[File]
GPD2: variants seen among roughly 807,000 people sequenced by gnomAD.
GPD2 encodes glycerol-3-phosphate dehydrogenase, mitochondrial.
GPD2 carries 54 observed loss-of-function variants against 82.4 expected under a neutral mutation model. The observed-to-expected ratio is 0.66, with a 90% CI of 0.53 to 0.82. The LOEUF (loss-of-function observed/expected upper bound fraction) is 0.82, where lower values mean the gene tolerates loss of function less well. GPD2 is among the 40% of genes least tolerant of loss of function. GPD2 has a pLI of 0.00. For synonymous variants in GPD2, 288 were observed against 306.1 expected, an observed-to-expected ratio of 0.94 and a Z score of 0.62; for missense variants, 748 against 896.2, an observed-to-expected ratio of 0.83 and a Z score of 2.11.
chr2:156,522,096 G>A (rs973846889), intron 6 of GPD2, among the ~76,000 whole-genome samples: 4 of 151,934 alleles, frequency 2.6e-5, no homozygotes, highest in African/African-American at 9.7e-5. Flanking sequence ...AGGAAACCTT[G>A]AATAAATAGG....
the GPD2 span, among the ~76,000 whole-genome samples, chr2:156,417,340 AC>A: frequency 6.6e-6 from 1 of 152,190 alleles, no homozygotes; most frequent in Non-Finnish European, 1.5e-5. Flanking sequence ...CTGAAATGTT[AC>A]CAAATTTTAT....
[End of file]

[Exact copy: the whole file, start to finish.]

GPD2: variants seen among roughly 807,000 people sequenced by gnomAD.
GPD2 encodes glycerol-3-phosphate dehydrogenase, mitochondrial.
GPD2 carries 54 observed loss-of-function variants against 82.4 expected under a neutral mutation model. The observed-to-expected ratio is 0.66, with a 90% CI of 0.53 to 0.82. The LOEUF (loss-of-function observed/expected upper bound fraction) is 0.82, where lower values mean the gene tolerates loss of function less well. GPD2 is among the 40% of genes least tolerant of loss of function. GPD2 has a pLI of 0.00. For synonymous variants in GPD2, 288 were observed against 306.1 expected, an observed-to-expected ratio of 0.94 and a Z score of 0.62; for missense variants, 748 against 896.2, an observed-to-expected ratio of 0.83 and a Z score of 2.11.
chr2:156,522,096 G>A (rs973846889), intron 6 of GPD2, among the ~76,000 whole-genome samples: 4 of 151,934 alleles, frequency 2.6e-5, no homozygotes, highest in African/African-American at 9.7e-5. Flanking sequence ...AGGAAACCTT[G>A]AATAAATAGG....
the GPD2 span, among the ~76,000 whole-genome samples, chr2:156,417,340 AC>A: frequency 6.6e-6 from 1 of 152,190 alleles, no homozygotes; most frequent in Non-Finnish European, 1.5e-5. Flanking sequence ...CTGAAATGTT[AC>A]CAAATTTTAT....